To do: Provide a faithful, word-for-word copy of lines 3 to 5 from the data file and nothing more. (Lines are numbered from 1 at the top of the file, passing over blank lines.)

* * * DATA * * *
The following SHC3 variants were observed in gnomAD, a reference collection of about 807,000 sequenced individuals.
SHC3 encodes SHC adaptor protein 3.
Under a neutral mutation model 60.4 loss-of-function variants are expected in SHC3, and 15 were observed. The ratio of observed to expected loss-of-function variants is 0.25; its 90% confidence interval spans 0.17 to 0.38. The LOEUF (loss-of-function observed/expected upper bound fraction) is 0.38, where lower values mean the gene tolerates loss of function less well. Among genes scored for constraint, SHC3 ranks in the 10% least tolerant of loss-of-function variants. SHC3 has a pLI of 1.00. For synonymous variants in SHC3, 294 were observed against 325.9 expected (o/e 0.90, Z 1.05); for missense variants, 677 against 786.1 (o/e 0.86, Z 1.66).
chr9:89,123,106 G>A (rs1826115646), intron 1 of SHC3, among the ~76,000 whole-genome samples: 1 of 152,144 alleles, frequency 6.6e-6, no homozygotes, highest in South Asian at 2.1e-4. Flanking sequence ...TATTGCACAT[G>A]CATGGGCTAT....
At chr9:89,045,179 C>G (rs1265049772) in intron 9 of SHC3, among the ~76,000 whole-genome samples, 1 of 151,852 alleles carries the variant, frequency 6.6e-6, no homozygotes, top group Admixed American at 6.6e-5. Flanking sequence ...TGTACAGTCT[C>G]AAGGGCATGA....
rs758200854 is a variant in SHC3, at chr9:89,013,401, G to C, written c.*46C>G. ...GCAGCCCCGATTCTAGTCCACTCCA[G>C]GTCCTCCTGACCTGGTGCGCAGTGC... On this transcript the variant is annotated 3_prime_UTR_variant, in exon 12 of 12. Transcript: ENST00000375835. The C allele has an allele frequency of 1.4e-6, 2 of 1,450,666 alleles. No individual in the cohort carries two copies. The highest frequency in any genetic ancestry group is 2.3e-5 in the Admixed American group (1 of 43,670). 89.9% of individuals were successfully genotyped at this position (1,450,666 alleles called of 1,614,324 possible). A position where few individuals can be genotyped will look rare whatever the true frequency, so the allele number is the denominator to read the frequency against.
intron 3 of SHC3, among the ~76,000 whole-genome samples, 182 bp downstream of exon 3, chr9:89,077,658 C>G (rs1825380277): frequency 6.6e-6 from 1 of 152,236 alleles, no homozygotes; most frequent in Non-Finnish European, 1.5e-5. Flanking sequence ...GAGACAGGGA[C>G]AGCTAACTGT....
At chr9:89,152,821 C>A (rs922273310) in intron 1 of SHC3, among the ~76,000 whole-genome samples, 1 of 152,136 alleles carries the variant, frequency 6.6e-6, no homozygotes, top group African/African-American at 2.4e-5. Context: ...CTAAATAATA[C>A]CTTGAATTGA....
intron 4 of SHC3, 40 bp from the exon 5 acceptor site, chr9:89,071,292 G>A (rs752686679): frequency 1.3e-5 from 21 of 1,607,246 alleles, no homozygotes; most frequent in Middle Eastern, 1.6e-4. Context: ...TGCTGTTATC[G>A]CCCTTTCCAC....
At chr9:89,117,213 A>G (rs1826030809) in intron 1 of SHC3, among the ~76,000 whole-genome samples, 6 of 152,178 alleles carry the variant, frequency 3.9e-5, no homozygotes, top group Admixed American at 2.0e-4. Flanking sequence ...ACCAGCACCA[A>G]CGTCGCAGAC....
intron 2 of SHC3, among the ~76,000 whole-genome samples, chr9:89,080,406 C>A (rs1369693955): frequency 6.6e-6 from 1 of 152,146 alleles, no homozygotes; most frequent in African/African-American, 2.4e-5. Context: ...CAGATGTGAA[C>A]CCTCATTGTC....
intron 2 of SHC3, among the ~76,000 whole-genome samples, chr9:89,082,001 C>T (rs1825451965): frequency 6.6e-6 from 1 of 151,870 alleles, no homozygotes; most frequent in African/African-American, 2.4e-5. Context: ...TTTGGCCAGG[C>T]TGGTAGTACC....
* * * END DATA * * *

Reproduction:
Under a neutral mutation model 60.4 loss-of-function variants are expected in SHC3, and 15 were observed. The ratio of observed to expected loss-of-function variants is 0.25; its 90% confidence interval spans 0.17 to 0.38. The LOEUF (loss-of-function observed/expected upper bound fraction) is 0.38, where lower values mean the gene tolerates loss of function less well. Among genes scored for constraint, SHC3 ranks in the 10% least tolerant of loss-of-function variants. SHC3 has a pLI of 1.00. For synonymous variants in SHC3, 294 were observed against 325.9 expected (o/e 0.90, Z 1.05); for missense variants, 677 against 786.1 (o/e 0.86, Z 1.66).
chr9:89,123,106 G>A (rs1826115646), intron 1 of SHC3, among the ~76,000 whole-genome samples: 1 of 152,144 alleles, frequency 6.6e-6, no homozygotes, highest in South Asian at 2.1e-4. Flanking sequence ...TATTGCACAT[G>A]CATGGGCTAT....
At chr9:89,045,179 C>G (rs1265049772) in intron 9 of SHC3, among the ~76,000 whole-genome samples, 1 of 151,852 alleles carries the variant, frequency 6.6e-6, no homozygotes, top group Admixed American at 6.6e-5. Flanking sequence ...TGTACAGTCT[C>G]AAGGGCATGA....